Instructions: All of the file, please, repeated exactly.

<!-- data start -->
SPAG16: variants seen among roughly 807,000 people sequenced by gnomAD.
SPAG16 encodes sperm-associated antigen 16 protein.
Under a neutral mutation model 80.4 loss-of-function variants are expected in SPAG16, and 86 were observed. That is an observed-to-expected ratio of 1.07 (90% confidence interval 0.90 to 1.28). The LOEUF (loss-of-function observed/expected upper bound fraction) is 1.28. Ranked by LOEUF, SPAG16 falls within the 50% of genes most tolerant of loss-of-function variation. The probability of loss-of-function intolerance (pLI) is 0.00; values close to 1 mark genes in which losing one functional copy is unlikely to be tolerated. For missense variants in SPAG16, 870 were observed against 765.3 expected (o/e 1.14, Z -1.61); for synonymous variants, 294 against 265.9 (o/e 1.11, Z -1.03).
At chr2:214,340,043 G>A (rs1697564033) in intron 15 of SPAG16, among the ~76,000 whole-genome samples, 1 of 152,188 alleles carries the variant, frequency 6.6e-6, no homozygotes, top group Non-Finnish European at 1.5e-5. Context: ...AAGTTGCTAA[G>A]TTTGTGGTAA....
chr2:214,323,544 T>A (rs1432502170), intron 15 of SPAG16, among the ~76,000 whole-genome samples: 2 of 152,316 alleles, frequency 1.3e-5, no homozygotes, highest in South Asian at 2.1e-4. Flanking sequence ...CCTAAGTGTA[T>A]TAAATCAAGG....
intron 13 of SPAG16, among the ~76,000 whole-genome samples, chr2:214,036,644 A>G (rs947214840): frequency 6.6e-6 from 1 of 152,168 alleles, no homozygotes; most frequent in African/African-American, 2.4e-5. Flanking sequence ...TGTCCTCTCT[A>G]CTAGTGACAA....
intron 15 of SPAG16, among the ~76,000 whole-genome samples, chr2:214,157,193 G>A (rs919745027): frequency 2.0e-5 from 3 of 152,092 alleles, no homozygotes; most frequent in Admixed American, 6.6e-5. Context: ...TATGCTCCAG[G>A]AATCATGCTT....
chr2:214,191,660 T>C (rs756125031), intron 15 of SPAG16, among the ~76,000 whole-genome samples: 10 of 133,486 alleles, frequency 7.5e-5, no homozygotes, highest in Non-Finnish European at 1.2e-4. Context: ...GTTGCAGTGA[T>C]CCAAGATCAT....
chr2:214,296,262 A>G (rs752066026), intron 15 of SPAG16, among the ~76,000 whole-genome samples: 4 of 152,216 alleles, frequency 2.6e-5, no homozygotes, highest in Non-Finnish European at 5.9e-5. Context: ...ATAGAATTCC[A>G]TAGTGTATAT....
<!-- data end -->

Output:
SPAG16: variants seen among roughly 807,000 people sequenced by gnomAD.
SPAG16 encodes sperm-associated antigen 16 protein.
Under a neutral mutation model 80.4 loss-of-function variants are expected in SPAG16, and 86 were observed. That is an observed-to-expected ratio of 1.07 (90% confidence interval 0.90 to 1.28). The LOEUF (loss-of-function observed/expected upper bound fraction) is 1.28. Ranked by LOEUF, SPAG16 falls within the 50% of genes most tolerant of loss-of-function variation. The probability of loss-of-function intolerance (pLI) is 0.00; values close to 1 mark genes in which losing one functional copy is unlikely to be tolerated. For missense variants in SPAG16, 870 were observed against 765.3 expected (o/e 1.14, Z -1.61); for synonymous variants, 294 against 265.9 (o/e 1.11, Z -1.03).
At chr2:214,340,043 G>A (rs1697564033) in intron 15 of SPAG16, among the ~76,000 whole-genome samples, 1 of 152,188 alleles carries the variant, frequency 6.6e-6, no homozygotes, top group Non-Finnish European at 1.5e-5. Context: ...AAGTTGCTAA[G>A]TTTGTGGTAA....
chr2:214,323,544 T>A (rs1432502170), intron 15 of SPAG16, among the ~76,000 whole-genome samples: 2 of 152,316 alleles, frequency 1.3e-5, no homozygotes, highest in South Asian at 2.1e-4. Flanking sequence ...CCTAAGTGTA[T>A]TAAATCAAGG....
intron 13 of SPAG16, among the ~76,000 whole-genome samples, chr2:214,036,644 A>G (rs947214840): frequency 6.6e-6 from 1 of 152,168 alleles, no homozygotes; most frequent in African/African-American, 2.4e-5. Flanking sequence ...TGTCCTCTCT[A>G]CTAGTGACAA....
intron 15 of SPAG16, among the ~76,000 whole-genome samples, chr2:214,157,193 G>A (rs919745027): frequency 2.0e-5 from 3 of 152,092 alleles, no homozygotes; most frequent in Admixed American, 6.6e-5. Context: ...TATGCTCCAG[G>A]AATCATGCTT....
chr2:214,191,660 T>C (rs756125031), intron 15 of SPAG16, among the ~76,000 whole-genome samples: 10 of 133,486 alleles, frequency 7.5e-5, no homozygotes, highest in Non-Finnish European at 1.2e-4. Context: ...GTTGCAGTGA[T>C]CCAAGATCAT....
chr2:214,296,262 A>G (rs752066026), intron 15 of SPAG16, among the ~76,000 whole-genome samples: 4 of 152,216 alleles, frequency 2.6e-5, no homozygotes, highest in Non-Finnish European at 5.9e-5. Context: ...ATAGAATTCC[A>G]TAGTGTATAT....